EU ARMY: Eurocrat hails ‘HISTORIC’ treaty – but calls for EVEN GREATER defence build up

EU Foreign Affairs chief Federica Mogherini praised member states for signing into the Permanent Structured Cooperation (PESCO) treaty – which will see the creation of a common European defence force.

Ms Mogherini said: “I must confess in this moment I am divided between two different personal feeling. On the one hand, I think habemus papam – white smoke, ‘mission accomplished’– but no time to celebrate.

“It’s true we made it, it’s historic, it’s big but at the same time, the real work is just about to begin. I’ve always been convinced and even more today that the EU is what we make it.”

EU ministers have announced that 25 out of 28 bloc members will participate and jointly implement military projects in the future, and will pool resources and knowledge. 

Speaking to MEPs during the December European Parliament plenary, Ms Mogherini said PESCO will allow Brussels to “strengthen its partners” while building up the “security and defence” of its members in “years to come.”

She continued: “We decided to change things together in this field and we did it and now we are ready to work and shape our next steps towards an EU of security and defence and I’m sure we will continue to work together and do it also in the years to come. 

“We can now research and develop our defence capabilities together. We can buy together to ensure that we have the capabilities we need and spending efficiently.

“We can act together to manage or prevent crisis, to strengthen our partners, to make our citizens more secure. The 25 have taken binding commitments to improving their cooperation and the progress of these commitments will be assessed regularly.”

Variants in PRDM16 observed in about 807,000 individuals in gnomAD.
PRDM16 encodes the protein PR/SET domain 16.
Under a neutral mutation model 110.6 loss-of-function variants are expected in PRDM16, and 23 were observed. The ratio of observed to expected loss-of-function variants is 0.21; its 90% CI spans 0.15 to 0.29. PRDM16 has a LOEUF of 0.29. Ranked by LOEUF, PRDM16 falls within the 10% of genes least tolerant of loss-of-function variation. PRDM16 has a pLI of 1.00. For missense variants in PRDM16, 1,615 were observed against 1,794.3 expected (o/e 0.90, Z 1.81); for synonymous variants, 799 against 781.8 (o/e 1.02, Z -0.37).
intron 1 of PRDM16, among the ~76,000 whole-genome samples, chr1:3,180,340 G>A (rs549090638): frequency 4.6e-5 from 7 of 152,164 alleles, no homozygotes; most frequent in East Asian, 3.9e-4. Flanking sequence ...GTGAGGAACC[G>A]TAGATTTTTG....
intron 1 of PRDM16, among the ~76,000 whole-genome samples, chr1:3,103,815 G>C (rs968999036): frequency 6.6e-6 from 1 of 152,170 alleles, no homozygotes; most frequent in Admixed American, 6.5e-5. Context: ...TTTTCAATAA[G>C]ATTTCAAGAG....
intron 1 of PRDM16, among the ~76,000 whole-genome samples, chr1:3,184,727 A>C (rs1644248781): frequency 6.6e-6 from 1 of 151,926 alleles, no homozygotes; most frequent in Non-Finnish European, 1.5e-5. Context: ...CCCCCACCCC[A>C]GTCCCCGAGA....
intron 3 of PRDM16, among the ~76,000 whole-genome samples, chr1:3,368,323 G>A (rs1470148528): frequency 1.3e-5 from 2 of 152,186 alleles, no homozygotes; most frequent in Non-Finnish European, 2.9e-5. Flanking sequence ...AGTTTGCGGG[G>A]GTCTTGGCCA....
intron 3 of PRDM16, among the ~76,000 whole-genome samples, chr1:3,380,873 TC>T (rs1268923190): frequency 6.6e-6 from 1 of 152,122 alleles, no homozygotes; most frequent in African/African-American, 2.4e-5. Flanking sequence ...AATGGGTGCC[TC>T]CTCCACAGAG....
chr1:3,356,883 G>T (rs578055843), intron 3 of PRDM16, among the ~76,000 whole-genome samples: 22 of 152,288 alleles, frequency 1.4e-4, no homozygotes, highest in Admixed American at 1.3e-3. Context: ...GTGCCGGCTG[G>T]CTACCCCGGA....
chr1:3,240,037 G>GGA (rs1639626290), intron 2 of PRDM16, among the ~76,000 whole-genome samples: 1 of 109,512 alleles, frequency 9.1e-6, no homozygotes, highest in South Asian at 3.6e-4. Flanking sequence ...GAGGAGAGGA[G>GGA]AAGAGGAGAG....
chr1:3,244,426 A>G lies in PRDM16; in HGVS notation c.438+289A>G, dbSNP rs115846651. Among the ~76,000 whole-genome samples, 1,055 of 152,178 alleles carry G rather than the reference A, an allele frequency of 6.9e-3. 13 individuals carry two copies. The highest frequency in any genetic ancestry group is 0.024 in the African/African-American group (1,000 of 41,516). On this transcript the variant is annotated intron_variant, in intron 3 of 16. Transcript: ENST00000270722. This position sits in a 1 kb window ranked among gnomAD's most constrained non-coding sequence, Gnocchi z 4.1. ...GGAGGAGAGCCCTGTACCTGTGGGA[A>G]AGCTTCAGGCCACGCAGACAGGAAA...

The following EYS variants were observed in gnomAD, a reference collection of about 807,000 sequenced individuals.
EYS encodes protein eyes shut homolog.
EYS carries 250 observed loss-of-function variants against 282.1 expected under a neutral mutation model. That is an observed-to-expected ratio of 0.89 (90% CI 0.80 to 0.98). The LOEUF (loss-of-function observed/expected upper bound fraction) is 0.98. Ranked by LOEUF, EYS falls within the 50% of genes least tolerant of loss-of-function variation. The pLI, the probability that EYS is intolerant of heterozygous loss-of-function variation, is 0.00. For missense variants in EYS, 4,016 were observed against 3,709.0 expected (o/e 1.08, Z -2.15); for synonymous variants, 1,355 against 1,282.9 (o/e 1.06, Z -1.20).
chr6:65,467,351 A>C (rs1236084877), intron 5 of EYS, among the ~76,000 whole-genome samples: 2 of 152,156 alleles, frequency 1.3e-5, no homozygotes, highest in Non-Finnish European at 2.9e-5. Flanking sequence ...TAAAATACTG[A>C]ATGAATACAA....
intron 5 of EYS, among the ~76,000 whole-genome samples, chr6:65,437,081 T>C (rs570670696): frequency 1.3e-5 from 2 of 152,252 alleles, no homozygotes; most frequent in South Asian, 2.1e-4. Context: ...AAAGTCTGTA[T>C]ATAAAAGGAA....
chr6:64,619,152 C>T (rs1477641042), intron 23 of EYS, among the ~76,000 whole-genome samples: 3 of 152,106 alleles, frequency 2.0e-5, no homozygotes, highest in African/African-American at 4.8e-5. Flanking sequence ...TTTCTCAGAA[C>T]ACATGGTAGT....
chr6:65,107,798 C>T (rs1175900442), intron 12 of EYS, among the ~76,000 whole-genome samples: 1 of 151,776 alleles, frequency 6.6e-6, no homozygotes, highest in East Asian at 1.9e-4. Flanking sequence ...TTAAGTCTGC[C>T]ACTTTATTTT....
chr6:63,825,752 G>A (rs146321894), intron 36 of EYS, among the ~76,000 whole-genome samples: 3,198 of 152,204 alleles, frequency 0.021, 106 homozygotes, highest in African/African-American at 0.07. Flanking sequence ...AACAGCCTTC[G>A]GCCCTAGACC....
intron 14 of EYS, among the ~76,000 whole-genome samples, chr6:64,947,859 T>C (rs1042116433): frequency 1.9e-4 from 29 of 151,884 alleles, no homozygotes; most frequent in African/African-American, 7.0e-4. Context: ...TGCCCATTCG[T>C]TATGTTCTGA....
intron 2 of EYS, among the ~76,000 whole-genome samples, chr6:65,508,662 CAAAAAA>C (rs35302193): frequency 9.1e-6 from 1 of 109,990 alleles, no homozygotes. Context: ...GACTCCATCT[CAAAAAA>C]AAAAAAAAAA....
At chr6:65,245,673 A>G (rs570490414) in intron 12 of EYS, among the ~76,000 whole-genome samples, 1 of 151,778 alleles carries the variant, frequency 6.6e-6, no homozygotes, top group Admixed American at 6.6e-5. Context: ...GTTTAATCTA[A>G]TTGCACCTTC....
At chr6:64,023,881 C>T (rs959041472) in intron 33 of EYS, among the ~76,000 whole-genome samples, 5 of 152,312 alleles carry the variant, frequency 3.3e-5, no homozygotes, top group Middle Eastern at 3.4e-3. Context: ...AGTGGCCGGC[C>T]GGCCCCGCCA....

The EU hopes the defence union will be complete by 2025, and after that, the states plan to develop joint military diving robots and armoured vehicles– with a European drone and a flying infirmary also in the works.

But France and Germany view common defence differently. 

French President Emmanuel Macron dreams of a European defence budget, a joint intervention force and a common doctrine, but France does not have the funds for it.

Germany is in charge of setting up a joint medical order and wants to establish a centre of excellence for foreign missions.

Sabine Thillaye, chairwoman of the Europe Committee in the Assemblée Nationale, and member of Mr Macron’s party told Noz: “France has the operational force and Germany has the financial power.”